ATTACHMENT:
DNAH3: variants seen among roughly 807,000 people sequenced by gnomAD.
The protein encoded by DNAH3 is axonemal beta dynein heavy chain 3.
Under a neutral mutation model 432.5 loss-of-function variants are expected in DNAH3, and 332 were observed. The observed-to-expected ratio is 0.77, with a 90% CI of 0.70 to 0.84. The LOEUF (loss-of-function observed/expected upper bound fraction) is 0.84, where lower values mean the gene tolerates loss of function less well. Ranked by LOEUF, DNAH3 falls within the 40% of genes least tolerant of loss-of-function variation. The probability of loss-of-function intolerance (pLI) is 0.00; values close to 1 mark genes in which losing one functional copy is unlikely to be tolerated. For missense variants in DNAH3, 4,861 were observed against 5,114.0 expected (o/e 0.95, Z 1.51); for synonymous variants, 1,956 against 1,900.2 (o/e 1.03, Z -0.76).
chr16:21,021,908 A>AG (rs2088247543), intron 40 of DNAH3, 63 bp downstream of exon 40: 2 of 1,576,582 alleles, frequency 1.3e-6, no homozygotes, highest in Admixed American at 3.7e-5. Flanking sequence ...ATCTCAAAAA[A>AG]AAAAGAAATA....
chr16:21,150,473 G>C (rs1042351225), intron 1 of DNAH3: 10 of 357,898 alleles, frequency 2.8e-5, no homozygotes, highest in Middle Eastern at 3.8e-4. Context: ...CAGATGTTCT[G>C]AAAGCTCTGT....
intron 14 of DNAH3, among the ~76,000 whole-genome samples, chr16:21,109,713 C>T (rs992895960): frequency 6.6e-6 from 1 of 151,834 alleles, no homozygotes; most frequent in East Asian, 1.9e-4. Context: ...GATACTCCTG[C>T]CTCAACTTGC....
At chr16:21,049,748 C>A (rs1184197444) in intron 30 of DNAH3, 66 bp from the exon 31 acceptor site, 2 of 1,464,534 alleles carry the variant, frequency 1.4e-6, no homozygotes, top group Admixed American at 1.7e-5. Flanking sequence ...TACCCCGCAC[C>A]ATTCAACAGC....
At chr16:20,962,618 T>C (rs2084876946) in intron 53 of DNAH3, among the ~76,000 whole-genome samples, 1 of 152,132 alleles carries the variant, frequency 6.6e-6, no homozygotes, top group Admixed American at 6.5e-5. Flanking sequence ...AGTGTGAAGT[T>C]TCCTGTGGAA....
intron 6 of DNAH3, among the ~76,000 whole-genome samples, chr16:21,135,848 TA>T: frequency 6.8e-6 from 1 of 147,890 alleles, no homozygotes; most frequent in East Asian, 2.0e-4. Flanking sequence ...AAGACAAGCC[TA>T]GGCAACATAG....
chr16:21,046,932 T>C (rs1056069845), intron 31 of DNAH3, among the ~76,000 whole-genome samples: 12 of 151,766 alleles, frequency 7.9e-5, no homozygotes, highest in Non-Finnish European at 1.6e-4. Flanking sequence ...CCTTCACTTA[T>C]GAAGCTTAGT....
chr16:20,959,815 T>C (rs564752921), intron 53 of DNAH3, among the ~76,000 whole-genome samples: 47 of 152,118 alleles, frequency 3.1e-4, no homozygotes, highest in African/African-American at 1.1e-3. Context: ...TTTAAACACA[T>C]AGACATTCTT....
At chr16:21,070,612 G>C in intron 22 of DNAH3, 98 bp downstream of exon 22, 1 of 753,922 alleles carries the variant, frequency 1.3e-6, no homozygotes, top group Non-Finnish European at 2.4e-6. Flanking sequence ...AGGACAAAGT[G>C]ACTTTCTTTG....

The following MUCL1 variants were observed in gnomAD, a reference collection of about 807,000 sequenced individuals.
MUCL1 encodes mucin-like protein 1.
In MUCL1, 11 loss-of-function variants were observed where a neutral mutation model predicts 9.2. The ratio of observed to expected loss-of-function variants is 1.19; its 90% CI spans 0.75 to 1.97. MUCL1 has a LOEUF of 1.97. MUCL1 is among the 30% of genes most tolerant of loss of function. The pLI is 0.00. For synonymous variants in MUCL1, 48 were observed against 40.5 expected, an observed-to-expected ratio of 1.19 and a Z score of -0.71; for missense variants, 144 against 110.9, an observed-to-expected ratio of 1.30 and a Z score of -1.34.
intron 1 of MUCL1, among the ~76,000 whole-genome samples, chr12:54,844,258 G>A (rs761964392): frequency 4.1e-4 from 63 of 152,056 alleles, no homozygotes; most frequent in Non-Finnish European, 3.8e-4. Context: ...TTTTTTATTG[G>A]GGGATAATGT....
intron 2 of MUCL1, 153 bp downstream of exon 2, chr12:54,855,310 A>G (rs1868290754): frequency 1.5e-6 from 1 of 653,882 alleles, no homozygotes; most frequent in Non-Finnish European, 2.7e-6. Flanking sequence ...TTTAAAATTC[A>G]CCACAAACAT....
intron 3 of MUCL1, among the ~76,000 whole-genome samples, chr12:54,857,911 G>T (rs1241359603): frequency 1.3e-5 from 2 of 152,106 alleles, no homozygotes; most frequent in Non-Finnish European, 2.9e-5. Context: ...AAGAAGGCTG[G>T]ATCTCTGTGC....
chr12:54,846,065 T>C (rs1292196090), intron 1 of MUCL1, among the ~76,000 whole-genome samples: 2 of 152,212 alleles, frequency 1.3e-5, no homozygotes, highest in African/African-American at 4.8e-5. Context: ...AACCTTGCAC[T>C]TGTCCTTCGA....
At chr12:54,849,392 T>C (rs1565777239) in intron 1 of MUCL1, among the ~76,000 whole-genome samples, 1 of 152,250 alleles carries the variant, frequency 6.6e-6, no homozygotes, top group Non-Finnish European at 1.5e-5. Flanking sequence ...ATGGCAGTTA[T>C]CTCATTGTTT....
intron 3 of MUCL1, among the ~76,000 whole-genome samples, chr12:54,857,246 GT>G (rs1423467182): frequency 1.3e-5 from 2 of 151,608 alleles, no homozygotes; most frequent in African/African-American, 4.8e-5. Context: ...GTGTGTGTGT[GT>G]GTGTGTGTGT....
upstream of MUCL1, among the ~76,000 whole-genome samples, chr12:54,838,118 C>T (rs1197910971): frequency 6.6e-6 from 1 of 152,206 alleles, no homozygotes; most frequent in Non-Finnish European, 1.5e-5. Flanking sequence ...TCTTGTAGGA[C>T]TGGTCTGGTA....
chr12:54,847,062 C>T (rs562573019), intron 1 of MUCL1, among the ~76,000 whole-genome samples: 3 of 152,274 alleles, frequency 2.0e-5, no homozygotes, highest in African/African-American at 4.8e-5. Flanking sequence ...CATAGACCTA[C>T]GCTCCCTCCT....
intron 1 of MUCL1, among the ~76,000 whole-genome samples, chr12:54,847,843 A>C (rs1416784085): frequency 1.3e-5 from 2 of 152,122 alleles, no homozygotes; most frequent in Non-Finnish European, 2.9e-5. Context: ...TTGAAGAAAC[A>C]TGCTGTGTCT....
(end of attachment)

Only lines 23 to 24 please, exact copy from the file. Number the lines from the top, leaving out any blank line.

chr12:54,847,062 C>T (rs562573019), intron 1 of MUCL1, among the ~76,000 whole-genome samples: 3 of 152,274 alleles, frequency 2.0e-5, no homozygotes, highest in African/African-American at 4.8e-5. Flanking sequence ...CATAGACCTA[C>T]GCTCCCTCCT....
intron 1 of MUCL1, among the ~76,000 whole-genome samples, chr12:54,847,843 A>C (rs1416784085): frequency 1.3e-5 from 2 of 152,122 alleles, no homozygotes; most frequent in Non-Finnish European, 2.9e-5. Context: ...TTGAAGAAAC[A>C]TGCTGTGTCT....